Is Rock Stacking Graffiti?

I wrote recently about people feeling free to scratch their names into the salt beds at Badwater in Death Valley National Park and whether we should be ambivalent toward this “temporary” graffiti. Even if nature can eventually erase it, doesn’t it just encourage others to mark more areas of our national parks with their names where it’s not nearly as easy for nature to remove the graffiti?

Here is another one of those questions that I recently began to wonder about with a recent trip to Yosemite National Park. Just beyond Mirror Lake to the left is a large area that has been completely taken over by rock stacking. There are literally thousands of rocks which have been stacked and balanced by people completely transforming this are from its natural state:

rock stacking near mirror lake

rock stacking mirror lake

rock stacking Yosemite

The first reaction from most of the people who stumbled across it was the thought it might be a cemetery of some type, but it quickly becomes apparent that people simply decided to begin stacking rocks and continue to do so. While many would not consider this being nearly as disruptive as people scratching their name into sandstone or spray painting their name on walls, isn’t rock stacking nothing more than another way of leaving a type of graffiti in our national parks by moving nature into unnatural arrangements? Just because it looks better than a name written on a rock, does that make it OK to do?

What do you think? Is rock stacking fundamentally different from other types of graffiti and therefore OK, or is it something that should be discouraged just as much as what we would consider typical graffiti?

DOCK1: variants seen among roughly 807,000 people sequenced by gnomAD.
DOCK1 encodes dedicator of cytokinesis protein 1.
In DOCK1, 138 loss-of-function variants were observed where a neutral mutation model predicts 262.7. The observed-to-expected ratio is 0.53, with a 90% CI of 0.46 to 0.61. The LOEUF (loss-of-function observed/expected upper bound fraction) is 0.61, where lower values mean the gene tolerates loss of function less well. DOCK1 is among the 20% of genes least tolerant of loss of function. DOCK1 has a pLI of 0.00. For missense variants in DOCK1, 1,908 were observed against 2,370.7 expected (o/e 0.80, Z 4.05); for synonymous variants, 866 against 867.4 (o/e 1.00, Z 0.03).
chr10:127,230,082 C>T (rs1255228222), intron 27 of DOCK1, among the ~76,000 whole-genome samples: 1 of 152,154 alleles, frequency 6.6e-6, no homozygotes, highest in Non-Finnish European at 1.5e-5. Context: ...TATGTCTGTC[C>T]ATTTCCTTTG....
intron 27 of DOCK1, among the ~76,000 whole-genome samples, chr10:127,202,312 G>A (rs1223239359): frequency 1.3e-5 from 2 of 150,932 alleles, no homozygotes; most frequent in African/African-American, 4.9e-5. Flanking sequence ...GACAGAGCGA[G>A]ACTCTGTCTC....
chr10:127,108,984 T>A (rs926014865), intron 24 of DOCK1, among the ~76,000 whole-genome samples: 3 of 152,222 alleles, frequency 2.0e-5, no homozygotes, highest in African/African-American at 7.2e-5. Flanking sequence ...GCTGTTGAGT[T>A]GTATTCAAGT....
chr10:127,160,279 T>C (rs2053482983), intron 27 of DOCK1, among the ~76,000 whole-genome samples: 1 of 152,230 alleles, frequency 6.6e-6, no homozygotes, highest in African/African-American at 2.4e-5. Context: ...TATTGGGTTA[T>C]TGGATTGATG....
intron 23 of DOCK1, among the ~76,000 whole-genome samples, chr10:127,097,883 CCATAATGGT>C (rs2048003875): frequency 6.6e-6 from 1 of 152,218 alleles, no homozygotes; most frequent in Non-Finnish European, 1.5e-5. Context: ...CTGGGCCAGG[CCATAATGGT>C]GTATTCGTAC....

Gold Bluffs Beach Redwood National Park

When you think of Redwood National Park, the first image that comes to mind usually isn’t the beach. That’s a shame because there are some beautiful beaches which are part of the Redwood National and State Parks. Gold Bluffs Beach is one of these.

Located in Prairie Creek Redwoods State Park (CA), you need to turn off highway 101 onto Davison Road at Elk Meadow (There is a large sign for Elk Meadow overlook — when you reach the Elk Meadow overlook, continue straight onto the dirt road). Davison Road winds its way through beautiful redwood groves until it reaches the sea. Once you hit the shoreline, you leave Redwood National Park and enter Prairie Creek Redwoods State Park (there is a state park fee to enter). While most people head to Fern Canyon and bypass the beach all together, this is a mistake. The beach is vast with very few people (because they are all heading to see the redwoods) making it a perfect place to take a long stroll in near solitude:

Gold Bluffs Beach in Redwood National Park

For those who don’t feel like walking, there are plenty of ocean-worn rocks littering the beach to look at and admire:

Rocks in sand at Gold Bluffs Beach in Redwoods National Park

And for those with a little bit of ambition, the rocks are perfectly shaped to have some fun stacking them:

Stacking rocks at Gold Bluffs Beach Prairie Creek Redwoods state park California

While the redwoods are obviously the main attraction at Redwood National Park, try to take some time to visit the beach as well. You won’t regret it.